With new shield, Jackson School reflects ambitions, global perspective
It has its first dean, several new world-class faculty members, and soon, two additional buildings on campus.
Now, the new Jackson School of Global Affairs, which on July 1 will become Yale’s first new professional school since 1976, has unveiled its shield.
The design of a shield is part of Yale’s long-standing heraldic tradition — each of Yale’s professional schools and undergraduate residential colleges has a distinctive shield as part of its visual identity.
The Jackson School’s shield is divided into quarters and features blue and white horizontal stripes and two gold armillary spheres. The colors and symbolism were chosen to visually represent the broad theme of navigation and the joining of disparate interests that is fundamental to cooperation in a global context.
The shield is divided into quarters to represent a balanced distribution of power among individuals, families, political alliances, or business organizations — as in a marriage or other committed joint venture.
The primary quarters of the Jackson School shield, the first and fourth, display an armillary — an ancient device, developed in China and Greece in the fourth and third centuries BCE, respectively. It was used throughout Europe and Asia in Early Modern times. Armillary spheres modelled the apparent positions of the sun, moon, planets, and stars related to the Earth, providing solutions to various timekeeping, navigational, geometric, and astronomical problems. They also served as a tool for teaching about these matters in a geocentric context.
The armillary spheres displayed on this shield symbolize the range of complex issues that will be addressed by the Jackson School. They reference the work of the world’s nations, cultures, and organizations to understand their opportunities for growth and advantage while confronting the practical challenges of competitive coexistence.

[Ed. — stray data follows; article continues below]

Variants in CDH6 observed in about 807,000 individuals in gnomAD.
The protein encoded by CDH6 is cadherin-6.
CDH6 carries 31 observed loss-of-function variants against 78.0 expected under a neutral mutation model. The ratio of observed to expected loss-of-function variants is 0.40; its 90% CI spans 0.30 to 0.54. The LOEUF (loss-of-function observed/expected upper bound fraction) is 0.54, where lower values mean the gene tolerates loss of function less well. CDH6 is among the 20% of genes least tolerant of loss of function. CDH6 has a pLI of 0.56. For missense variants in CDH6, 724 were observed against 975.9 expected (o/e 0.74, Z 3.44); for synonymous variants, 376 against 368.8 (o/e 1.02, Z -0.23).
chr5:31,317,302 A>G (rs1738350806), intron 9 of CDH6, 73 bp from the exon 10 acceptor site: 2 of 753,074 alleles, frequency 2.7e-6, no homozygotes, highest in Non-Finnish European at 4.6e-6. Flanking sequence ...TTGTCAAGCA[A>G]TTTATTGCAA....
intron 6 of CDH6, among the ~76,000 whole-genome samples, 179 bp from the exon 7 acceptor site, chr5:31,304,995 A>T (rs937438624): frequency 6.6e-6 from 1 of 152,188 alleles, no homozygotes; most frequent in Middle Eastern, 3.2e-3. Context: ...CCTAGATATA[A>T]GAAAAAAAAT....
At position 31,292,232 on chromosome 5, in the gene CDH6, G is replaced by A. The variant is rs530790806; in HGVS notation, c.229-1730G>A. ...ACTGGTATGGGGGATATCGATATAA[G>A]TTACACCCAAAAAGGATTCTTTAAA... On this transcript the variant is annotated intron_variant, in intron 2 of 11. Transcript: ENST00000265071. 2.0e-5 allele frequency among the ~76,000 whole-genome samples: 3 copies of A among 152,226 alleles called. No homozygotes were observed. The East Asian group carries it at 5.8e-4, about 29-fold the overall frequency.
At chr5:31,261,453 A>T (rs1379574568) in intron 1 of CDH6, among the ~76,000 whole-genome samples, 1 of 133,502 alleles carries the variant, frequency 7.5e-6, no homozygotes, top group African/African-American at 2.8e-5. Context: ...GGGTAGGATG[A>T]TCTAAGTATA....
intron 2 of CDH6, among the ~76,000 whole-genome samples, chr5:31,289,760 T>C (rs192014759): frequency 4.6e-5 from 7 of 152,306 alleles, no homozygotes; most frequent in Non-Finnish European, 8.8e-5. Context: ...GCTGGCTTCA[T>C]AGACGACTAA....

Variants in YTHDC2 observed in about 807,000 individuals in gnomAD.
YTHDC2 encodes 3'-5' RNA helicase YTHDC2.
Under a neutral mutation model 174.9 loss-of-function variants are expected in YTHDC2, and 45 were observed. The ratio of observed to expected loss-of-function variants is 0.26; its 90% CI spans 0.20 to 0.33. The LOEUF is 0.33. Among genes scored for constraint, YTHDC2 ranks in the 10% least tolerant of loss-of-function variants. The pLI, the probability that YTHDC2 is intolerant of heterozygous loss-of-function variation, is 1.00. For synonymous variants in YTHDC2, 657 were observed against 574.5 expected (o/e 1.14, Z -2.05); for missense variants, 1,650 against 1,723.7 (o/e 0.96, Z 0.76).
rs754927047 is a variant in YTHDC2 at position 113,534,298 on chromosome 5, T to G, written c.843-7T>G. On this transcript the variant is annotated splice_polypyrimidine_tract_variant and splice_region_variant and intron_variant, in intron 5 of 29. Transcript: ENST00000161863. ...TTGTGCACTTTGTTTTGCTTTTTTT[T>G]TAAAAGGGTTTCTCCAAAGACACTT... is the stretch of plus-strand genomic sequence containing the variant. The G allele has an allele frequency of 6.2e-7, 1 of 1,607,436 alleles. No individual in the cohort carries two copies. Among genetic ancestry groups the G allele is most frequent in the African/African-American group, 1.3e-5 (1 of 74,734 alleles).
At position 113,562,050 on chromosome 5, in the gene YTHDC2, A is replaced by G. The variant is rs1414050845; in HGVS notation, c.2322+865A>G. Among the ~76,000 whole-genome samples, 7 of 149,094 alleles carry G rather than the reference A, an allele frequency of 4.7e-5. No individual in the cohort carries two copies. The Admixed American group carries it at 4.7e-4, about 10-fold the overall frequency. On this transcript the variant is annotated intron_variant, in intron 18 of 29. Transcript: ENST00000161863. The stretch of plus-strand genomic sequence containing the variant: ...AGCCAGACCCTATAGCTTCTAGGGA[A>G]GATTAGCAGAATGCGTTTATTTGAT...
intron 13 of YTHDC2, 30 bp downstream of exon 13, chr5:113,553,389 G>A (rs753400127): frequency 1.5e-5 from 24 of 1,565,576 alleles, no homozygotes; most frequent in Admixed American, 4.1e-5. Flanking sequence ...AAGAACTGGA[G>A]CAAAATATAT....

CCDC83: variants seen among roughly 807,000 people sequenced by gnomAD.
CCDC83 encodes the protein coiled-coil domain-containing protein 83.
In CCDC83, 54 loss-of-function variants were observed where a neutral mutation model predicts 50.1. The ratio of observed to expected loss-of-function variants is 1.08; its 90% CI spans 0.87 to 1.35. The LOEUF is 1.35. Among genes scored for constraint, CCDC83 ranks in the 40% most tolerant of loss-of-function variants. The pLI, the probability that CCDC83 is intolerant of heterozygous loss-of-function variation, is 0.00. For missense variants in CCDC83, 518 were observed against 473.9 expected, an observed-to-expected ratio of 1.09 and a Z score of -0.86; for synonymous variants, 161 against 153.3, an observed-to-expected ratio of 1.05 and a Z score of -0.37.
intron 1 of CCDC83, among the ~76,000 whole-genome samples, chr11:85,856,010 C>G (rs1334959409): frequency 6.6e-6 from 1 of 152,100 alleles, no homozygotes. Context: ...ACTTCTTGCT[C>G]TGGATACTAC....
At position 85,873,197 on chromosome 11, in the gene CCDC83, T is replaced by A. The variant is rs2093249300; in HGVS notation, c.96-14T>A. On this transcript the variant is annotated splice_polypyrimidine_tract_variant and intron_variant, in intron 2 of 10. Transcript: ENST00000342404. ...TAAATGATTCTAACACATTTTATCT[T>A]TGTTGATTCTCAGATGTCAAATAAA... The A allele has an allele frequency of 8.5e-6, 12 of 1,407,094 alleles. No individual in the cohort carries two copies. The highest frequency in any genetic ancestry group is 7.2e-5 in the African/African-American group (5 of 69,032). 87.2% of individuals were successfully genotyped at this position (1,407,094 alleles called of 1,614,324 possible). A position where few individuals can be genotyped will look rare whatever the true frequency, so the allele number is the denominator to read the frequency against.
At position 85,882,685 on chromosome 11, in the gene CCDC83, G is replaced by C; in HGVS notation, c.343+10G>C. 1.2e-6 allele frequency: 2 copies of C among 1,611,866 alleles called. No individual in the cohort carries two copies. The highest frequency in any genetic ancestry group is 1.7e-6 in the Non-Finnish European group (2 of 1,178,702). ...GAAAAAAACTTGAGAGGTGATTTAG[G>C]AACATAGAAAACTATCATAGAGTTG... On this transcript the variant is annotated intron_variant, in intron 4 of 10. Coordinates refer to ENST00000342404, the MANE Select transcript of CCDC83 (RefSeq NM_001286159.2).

The design of the second and third quadrants is based on the international maritime signal flag that represents the letter “J” for Jackson. Coincidentally, the “J” signal flag is blue and white —the colors of Yale University. The level design of these quarters represents peace and perspective — as in the long view of the horizon over a calm sea.
The design project for the Jackson School shield was led by John Gambell, head of Yale’s Office of the University Printer, with input from Jackson students, faculty, staff, and alumni.
“I’m thrilled to introduce the Jackson School’s new shield to the university community,” said Jim Levinsohn, Jackson’s director and dean-designate. “This handsome emblem represents Jackson’s ambitions and its forward-looking, global perspective. I look forward to seeing the Jackson School shield displayed proudly for years to come!”
The Jackson School — now called the Jackson Institute for Global Affairs — promotes education and scholarship on global affairs at Yale. The institute is home to Yale’s master in public policy in global affairs, a master of advanced study in global affairs and the undergraduate major in global affairs. Jackson’s interdisciplinary academic programs inspire and prepare Yale students for global leadership and service.
In 2019, the Yale Board of Trustees approved plans to expand the institute into a professional school that will train and equip a new generation of leaders to devise thoughtful, evidence-based solutions for challenging global problems.
The Yale Jackson School of Global Affairs will officially open on July 1, 2022. Learn more about the future of Jackson.